In RTÉ Food I got to experience the food industry up front and engage with some amazing producers, companies, chefs and fellow writers. I got to know amazing Irish talent in the form of some exceptional food bloggers, who I then got to support and bring on board as contributors. I swam amongst a sea of great recipes, new ones of which would crop up everyday, and I would be tasked with publishing them and portraying them in the best light possible. Though – I never got to test recipes in a test kitchen first, like with food magazines, and during the first months of my job I had to carefully transfer 3,000 recipes, one-by-one, from the old site to the new one. I cursed all recipes quite quickly for that short space of time.
I felt like I made a difference, like I brought something new to the industry table and that I was within the heartbeat of a voracious Irish food industry and community that was having something of a revival, with it’s blood pumping faster and more fervently than ever. In two very fast years I got hands-on experience of social media and digital marketing, two things you might seem baffled to find out were merely a smudge along the pathway in my degree (which I only completed a couple of years ago!) – mentioned, yet glazed over as we quickly hurried along towards classes in shorthand, ancient communication theories and court reporting. Yet two things that were so integral to the job I had to do everyday.
Not Staying For Dessert
And then, it came time to leave.
Though people may think it was ludicrous to go out at such a pivotal point in the brand’s early life, it felt like the right time. Certain practices were in place that I felt like there was a definite turning point occurring and it was up to me to decide whether I stay on, content but always at the same level, or search for something new and exciting abroad to challenge me and kick my career into high gear.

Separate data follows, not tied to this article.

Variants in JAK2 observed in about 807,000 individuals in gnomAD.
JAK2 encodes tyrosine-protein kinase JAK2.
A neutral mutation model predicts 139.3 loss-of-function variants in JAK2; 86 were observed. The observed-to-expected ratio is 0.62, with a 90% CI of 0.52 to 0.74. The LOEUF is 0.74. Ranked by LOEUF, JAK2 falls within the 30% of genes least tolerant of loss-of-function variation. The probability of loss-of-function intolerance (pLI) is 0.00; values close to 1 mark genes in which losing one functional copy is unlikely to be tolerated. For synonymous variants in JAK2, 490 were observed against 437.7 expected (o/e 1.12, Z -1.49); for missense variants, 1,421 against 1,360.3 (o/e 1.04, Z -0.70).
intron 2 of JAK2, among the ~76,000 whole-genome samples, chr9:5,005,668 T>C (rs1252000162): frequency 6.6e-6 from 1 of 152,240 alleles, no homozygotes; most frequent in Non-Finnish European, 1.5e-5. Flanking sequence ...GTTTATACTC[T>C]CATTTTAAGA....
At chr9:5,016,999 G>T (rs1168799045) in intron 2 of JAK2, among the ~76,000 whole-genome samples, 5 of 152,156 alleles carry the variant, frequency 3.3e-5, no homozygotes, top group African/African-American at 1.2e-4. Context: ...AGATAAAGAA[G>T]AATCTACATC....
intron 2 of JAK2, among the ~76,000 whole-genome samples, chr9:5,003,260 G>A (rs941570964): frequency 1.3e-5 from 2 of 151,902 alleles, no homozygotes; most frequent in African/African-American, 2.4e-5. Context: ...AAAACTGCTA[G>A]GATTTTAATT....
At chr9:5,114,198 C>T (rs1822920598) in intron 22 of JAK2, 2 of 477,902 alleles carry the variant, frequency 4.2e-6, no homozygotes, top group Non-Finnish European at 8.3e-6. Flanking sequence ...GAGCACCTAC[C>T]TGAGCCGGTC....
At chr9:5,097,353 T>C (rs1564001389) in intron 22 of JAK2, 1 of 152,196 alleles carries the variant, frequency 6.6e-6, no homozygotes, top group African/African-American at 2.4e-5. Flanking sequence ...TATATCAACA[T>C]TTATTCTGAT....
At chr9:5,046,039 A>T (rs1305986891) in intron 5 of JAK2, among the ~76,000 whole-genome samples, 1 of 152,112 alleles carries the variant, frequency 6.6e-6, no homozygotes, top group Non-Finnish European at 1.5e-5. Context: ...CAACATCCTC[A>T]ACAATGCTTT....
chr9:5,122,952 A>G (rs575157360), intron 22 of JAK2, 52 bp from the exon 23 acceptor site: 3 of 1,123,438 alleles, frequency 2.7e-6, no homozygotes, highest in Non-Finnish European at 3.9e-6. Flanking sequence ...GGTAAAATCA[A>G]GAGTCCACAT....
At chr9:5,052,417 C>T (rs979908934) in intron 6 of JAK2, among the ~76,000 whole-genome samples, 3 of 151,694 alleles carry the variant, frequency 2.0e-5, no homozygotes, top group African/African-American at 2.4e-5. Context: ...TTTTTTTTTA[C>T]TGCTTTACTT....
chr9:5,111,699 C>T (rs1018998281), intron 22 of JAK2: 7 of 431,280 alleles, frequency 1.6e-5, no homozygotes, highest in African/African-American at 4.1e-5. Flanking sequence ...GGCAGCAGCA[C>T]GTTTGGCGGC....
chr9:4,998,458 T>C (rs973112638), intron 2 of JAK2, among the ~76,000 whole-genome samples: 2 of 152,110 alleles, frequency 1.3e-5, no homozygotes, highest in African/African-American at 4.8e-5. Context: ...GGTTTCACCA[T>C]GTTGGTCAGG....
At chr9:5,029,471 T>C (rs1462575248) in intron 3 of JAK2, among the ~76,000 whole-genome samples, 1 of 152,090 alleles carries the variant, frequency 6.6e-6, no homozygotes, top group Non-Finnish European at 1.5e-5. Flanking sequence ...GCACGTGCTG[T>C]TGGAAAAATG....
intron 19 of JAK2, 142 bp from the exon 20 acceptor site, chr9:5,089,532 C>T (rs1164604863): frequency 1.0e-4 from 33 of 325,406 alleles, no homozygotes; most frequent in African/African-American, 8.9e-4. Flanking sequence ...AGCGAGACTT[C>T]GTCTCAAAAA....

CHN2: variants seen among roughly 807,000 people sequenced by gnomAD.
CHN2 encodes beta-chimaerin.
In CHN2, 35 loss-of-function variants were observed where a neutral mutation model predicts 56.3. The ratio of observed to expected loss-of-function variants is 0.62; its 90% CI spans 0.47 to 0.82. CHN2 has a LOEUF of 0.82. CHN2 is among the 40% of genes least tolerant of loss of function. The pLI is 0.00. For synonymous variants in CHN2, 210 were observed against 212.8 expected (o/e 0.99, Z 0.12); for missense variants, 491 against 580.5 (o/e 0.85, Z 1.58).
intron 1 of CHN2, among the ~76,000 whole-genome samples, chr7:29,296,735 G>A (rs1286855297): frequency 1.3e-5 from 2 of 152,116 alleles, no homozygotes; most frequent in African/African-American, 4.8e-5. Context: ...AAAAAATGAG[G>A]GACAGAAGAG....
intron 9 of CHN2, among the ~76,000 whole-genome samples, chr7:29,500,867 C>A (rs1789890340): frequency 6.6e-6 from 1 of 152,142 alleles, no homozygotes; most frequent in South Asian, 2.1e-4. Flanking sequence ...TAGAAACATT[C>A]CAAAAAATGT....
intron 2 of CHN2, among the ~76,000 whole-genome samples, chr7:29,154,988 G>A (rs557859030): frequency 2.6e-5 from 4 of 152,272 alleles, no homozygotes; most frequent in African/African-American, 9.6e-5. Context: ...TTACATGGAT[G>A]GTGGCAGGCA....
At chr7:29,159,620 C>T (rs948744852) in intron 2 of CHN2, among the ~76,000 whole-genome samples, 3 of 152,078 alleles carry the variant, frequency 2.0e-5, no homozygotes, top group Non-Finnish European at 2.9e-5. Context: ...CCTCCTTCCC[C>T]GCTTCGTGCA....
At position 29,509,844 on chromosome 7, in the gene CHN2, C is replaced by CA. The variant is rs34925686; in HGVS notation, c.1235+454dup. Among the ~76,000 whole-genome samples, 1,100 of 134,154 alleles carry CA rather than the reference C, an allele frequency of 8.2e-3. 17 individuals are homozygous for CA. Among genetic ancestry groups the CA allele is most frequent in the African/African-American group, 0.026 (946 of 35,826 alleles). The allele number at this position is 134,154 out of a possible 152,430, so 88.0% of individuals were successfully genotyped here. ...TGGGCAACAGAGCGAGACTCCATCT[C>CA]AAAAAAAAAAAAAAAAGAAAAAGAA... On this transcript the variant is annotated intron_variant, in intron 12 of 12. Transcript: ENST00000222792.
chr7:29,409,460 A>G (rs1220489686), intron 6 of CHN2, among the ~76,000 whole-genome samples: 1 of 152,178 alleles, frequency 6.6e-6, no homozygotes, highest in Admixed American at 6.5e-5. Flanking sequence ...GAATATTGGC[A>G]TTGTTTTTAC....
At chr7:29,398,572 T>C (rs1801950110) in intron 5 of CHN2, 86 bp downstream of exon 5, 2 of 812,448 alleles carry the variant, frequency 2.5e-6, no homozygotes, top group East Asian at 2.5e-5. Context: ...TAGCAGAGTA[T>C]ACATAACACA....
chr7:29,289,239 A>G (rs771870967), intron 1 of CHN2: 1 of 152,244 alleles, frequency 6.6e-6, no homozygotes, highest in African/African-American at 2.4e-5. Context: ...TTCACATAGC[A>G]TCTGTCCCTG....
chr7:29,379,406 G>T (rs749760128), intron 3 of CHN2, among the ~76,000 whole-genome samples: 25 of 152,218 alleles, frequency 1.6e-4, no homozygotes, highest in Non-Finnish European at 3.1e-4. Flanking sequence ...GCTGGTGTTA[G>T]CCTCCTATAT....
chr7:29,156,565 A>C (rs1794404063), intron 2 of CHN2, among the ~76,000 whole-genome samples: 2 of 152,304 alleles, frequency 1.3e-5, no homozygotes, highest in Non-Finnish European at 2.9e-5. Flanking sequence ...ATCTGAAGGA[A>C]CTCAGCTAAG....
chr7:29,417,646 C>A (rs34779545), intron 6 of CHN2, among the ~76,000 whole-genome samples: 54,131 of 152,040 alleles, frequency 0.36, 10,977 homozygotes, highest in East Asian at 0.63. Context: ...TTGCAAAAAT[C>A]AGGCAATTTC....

Then I made my merry way over to London, where it’s been one hell of a struggle and probably the most testing time of my entire career. I had to begin professionally at rock bottom, which I didn’t prepare for and which completely knocked all my confidence. It’s a long story, but I wrote about my journey in London in an article in The Irish Times in December 2015: ‘London is as Tough a Place to Emigrate to as Any Other…‘
I eventually found my feet. I worked my way up the retail ladder. I finally got a career-worthy job at Roche Communications, which I adored. Then I set up my own business as a freelance copywriter and social media consultant, which I’m still doing to this day alongside everything our wonderful blog affords me.
I sometimes wonder if I made the right decision. I still wonder what it would be like if I never left Ireland or clung onto the lucky break at RTÉ I was given. Throughout my entire life I’ve acted on impulse of an inner feeling, from vying to study journalism to focusing more on the extra-curriculars of my course and not the classes while I was there; Choosing not to go to London once, and then going to London when the right time came again. Something inside always told me what to do, so I’m going to keep listening to it…